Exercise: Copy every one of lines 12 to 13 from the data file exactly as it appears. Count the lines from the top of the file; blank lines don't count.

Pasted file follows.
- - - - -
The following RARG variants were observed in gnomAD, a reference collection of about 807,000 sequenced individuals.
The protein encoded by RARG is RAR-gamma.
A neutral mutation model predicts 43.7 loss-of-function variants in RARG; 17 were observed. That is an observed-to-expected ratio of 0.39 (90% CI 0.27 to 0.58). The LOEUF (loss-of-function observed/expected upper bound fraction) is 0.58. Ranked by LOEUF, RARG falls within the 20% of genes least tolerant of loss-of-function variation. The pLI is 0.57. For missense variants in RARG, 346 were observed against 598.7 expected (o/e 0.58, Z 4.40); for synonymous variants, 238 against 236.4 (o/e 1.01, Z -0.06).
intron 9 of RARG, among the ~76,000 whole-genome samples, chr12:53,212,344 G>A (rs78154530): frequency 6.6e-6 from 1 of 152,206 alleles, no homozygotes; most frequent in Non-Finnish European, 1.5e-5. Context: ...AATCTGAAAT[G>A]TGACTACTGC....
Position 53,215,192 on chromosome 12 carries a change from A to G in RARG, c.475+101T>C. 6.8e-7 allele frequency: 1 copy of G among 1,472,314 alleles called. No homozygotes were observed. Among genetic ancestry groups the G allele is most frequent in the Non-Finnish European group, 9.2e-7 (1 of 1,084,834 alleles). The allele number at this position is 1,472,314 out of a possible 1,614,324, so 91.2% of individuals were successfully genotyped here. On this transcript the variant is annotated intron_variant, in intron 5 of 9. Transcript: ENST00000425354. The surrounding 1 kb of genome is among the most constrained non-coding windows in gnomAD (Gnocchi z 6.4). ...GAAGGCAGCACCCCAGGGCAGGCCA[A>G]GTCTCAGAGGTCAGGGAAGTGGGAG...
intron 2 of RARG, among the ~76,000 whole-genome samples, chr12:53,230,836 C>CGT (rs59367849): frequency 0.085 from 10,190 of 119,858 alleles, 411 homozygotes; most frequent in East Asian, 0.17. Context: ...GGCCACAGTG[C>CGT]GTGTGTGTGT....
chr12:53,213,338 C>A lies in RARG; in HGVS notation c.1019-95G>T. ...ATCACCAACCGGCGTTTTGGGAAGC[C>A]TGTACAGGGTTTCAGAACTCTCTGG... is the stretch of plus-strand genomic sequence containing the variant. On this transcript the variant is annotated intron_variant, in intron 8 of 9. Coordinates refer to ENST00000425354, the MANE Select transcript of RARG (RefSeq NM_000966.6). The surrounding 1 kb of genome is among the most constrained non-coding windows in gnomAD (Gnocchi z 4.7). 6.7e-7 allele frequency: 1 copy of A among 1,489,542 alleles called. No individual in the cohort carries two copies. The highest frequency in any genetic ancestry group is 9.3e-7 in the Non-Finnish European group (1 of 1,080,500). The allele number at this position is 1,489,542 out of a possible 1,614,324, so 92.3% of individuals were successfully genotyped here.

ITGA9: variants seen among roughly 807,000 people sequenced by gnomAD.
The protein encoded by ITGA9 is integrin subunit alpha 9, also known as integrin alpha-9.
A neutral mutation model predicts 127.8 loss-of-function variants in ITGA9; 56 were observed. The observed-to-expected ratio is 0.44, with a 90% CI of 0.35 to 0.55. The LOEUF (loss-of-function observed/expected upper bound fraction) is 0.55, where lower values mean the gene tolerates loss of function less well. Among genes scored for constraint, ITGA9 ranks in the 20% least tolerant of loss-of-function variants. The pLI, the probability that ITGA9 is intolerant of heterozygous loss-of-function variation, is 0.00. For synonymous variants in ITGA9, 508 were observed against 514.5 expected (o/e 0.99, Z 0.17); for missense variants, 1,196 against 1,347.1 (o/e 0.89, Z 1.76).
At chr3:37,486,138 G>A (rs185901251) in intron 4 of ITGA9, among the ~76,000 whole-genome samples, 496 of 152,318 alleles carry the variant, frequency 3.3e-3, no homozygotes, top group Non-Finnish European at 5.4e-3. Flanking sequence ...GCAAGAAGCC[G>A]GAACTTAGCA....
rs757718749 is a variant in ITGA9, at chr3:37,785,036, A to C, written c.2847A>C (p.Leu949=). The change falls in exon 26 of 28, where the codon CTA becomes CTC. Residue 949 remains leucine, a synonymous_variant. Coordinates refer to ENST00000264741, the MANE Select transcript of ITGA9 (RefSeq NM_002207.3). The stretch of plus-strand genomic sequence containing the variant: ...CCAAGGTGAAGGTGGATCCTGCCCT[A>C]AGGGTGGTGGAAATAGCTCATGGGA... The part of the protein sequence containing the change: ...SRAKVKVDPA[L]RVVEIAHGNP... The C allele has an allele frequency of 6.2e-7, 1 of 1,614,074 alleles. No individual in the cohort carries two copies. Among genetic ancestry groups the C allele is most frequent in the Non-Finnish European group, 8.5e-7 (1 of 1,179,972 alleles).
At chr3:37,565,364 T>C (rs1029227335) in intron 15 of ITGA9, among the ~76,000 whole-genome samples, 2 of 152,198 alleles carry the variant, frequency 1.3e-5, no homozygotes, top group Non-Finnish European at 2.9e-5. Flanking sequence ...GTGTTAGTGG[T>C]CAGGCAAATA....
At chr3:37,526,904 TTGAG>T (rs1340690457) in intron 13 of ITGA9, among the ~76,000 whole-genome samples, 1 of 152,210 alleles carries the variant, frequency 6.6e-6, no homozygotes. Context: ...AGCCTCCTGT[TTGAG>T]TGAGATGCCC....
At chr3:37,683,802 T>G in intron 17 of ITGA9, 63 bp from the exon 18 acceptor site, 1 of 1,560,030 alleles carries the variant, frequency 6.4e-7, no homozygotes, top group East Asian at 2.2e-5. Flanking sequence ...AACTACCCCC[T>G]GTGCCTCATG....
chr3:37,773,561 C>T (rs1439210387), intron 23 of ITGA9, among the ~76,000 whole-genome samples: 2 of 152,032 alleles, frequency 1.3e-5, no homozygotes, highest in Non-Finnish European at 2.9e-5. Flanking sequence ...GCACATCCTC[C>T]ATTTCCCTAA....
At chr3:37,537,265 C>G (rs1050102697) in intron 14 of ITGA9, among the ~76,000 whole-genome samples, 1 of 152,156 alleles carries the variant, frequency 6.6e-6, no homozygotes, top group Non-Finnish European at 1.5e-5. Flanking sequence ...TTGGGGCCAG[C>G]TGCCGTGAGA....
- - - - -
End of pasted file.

rs757718749 is a variant in ITGA9, at chr3:37,785,036, A to C, written c.2847A>C (p.Leu949=). The change falls in exon 26 of 28, where the codon CTA becomes CTC. Residue 949 remains leucine, a synonymous_variant. Coordinates refer to ENST00000264741, the MANE Select transcript of ITGA9 (RefSeq NM_002207.3). The stretch of plus-strand genomic sequence containing the variant: ...CCAAGGTGAAGGTGGATCCTGCCCT[A>C]AGGGTGGTGGAAATAGCTCATGGGA... The part of the protein sequence containing the change: ...SRAKVKVDPA[L]RVVEIAHGNP... The C allele has an allele frequency of 6.2e-7, 1 of 1,614,074 alleles. No individual in the cohort carries two copies. Among genetic ancestry groups the C allele is most frequent in the Non-Finnish European group, 8.5e-7 (1 of 1,179,972 alleles).
At chr3:37,565,364 T>C (rs1029227335) in intron 15 of ITGA9, among the ~76,000 whole-genome samples, 2 of 152,198 alleles carry the variant, frequency 1.3e-5, no homozygotes, top group Non-Finnish European at 2.9e-5. Flanking sequence ...GTGTTAGTGG[T>C]CAGGCAAATA....